The Hickory Horned Devil Caterpillar


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How to find one:

Get lucky.

I happened to spot it crossing the road. It was clearly visible from fifty feet away, and I hit the brakes immediately.

It spent the day at my son's day care center, toured my neighborhood with me in the evening, and was released again that night. If I thought it would survive, I would have kept it for a pet; it was that cool.

Details:

I'll quote from Ohio State University's Giant Caterpillars Fact Sheet:

"This caterpillar is the larva of the Royal Walnut Moth, also known as the Regal Moth. The larva is not one for a timid person to suddenly discover. It has a scary, frightful appearance resembling a small dragon with up to five pairs of long, curving hornlike structures over the back of its thorax with the rest of the body covered with shorter spikes. The body color ranges from deep blue-green to tan with orange spikes tipped with black. Shorter spikes are black. Though very ferocious appearing, it is quite harmless to handle. They are enormous in size, being five to six inches long and nearly 3/4-inch in diameter. They feed for a period of 37 to 42 days on the leaves of hickory, walnut, butternut, pecan, ash, lilac, persimmon, sycamore, sumac and sweet gum. Larvae mature in late summer, wandering around searching for a place to burrow underground to pupate. Overwintering occurs in the pupal stage.

The moth has a wingspan of five to six inches and is seen in midsummer. It has a long body covered with orange yellow hair. The forewings are gray with orange veins and yellow spots. The hindwings are primarily orange with scattered yellow patches."

What's missing from the description above is the feeling of holding it. The body is smooth and firm, the spikes are stiff and noticably pointy, but not tear-your-skin sharp. When it crawls, you get a gentle "pickery" sensation from the little points on its feet. It's a little odd at first, but not unpleasant.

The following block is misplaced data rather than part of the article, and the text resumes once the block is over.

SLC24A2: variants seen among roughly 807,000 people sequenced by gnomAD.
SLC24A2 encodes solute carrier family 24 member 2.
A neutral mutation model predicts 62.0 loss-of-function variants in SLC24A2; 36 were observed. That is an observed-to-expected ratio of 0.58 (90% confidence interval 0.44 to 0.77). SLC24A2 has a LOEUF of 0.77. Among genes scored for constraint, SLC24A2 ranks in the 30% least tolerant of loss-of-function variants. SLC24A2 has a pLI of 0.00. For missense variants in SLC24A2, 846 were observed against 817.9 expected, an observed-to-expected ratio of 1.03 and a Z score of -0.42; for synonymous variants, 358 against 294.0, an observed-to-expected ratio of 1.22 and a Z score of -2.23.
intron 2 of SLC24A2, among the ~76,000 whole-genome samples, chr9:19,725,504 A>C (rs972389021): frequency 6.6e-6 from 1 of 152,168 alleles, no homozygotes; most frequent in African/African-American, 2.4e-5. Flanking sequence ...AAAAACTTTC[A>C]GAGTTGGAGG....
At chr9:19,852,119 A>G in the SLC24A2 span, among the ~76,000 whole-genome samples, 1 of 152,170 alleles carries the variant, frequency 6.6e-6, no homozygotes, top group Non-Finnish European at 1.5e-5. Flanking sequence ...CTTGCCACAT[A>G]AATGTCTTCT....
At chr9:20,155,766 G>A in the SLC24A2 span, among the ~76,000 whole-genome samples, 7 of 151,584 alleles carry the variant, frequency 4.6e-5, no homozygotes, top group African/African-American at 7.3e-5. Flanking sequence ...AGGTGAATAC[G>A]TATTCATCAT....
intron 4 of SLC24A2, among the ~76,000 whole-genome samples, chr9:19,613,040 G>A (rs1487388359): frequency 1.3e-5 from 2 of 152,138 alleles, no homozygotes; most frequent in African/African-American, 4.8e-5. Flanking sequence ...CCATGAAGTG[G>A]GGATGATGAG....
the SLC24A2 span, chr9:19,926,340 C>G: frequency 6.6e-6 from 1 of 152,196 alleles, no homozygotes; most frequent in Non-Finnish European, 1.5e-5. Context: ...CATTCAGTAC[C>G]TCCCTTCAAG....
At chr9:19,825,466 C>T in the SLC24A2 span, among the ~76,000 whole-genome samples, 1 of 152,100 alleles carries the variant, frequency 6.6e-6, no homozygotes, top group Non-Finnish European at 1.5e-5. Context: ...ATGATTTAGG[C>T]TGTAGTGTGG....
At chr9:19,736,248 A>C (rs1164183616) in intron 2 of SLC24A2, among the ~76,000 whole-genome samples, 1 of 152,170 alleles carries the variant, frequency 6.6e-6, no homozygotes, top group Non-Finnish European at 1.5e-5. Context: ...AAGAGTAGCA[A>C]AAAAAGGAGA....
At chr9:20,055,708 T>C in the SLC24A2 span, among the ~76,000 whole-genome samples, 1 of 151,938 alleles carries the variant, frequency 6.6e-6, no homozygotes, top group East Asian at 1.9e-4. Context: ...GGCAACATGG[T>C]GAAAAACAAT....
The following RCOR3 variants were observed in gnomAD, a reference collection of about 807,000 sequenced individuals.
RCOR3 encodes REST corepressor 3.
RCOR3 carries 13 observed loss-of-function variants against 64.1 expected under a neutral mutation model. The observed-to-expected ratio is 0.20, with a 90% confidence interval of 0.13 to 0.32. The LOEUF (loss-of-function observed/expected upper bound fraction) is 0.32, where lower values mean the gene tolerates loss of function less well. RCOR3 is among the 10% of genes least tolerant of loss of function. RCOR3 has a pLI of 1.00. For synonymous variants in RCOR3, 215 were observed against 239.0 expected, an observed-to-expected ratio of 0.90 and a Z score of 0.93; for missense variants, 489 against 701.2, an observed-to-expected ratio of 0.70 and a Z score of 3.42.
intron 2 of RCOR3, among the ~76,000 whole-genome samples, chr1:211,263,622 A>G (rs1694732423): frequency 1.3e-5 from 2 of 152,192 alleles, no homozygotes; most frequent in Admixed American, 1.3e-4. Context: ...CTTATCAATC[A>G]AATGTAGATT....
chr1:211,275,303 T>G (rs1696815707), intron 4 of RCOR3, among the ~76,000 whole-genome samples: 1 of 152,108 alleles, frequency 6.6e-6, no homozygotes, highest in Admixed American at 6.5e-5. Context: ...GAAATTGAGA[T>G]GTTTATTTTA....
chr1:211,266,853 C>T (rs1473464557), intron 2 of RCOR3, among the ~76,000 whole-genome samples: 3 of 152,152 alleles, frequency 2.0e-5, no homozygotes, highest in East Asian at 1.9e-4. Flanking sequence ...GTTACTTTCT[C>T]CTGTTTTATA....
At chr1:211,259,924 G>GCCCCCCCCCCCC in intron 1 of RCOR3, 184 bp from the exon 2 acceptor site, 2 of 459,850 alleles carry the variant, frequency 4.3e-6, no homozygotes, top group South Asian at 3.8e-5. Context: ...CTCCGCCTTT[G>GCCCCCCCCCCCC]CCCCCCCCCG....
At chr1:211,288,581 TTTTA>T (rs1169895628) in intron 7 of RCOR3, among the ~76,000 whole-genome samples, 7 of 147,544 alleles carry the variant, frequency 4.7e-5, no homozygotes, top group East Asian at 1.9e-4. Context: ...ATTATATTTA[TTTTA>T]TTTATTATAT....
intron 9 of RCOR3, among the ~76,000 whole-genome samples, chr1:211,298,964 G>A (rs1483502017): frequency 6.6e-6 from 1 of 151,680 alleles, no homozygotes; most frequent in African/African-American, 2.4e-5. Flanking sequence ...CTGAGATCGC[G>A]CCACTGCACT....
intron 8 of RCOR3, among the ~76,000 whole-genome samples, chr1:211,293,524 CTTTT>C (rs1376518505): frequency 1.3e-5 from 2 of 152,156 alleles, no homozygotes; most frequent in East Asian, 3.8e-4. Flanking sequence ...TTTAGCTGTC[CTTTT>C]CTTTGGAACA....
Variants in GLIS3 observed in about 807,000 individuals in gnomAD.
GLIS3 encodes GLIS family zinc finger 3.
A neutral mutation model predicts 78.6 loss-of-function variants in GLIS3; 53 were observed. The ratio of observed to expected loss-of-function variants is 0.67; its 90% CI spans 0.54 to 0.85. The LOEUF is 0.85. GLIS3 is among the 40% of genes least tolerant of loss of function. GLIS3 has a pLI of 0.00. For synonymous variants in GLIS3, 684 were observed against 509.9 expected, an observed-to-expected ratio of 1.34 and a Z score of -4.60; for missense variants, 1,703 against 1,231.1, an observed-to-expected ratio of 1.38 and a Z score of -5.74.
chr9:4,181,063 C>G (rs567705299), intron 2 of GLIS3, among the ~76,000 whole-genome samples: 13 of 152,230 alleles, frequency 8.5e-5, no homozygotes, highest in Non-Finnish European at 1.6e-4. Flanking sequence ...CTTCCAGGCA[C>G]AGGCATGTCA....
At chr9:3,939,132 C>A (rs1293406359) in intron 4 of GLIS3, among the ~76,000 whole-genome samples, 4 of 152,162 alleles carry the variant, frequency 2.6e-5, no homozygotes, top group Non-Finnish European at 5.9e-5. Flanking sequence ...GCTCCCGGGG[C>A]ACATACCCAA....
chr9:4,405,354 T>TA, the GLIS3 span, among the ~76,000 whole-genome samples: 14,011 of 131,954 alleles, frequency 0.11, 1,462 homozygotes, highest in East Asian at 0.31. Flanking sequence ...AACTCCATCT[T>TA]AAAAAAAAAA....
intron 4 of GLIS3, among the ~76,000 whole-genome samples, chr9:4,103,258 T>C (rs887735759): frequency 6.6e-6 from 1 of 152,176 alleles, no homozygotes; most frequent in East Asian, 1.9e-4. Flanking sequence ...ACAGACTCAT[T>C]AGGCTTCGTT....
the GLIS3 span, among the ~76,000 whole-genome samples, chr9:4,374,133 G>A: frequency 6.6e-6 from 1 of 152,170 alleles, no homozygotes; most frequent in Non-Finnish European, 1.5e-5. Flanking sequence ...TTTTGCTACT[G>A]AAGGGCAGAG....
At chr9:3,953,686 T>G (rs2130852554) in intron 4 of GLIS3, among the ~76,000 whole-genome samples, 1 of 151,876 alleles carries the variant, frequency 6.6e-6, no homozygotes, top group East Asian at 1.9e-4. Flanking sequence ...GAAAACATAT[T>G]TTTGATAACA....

Most of the time, it hardly seemed to notice that it was being handled. One time, however, I appeared to trigger some sort of defensive behavior. I'd just taken it back from a kid who'd been holding it, and it suddenly started twisting and writhing vigorously in my cupped hand in a way that made it rotate more or less around its long axis. As it rotated, its spikes were poking at my hand. It didn't hurt, but it was startling, and I imagine that it might very well make a bird or other predator drop it.

Interestingly, the motion immediately reminded me of the rolling behavior that I've seen in captured crocodiles on Steve Irwin's Crocodile Hunter show.

Jena of High Springs, FL, sent me a link to a video she and her husband shot that shows a variation on this defensive maneuver:

More photos below. Feel free to use them however you like; just give me a credit and a link or printed URL to my site.

Enjoy!


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Some photos of Linnea's daycare teacher and her daughter enjoying the caterpillar (the last one is really blurry):


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Last update: September 27, 2004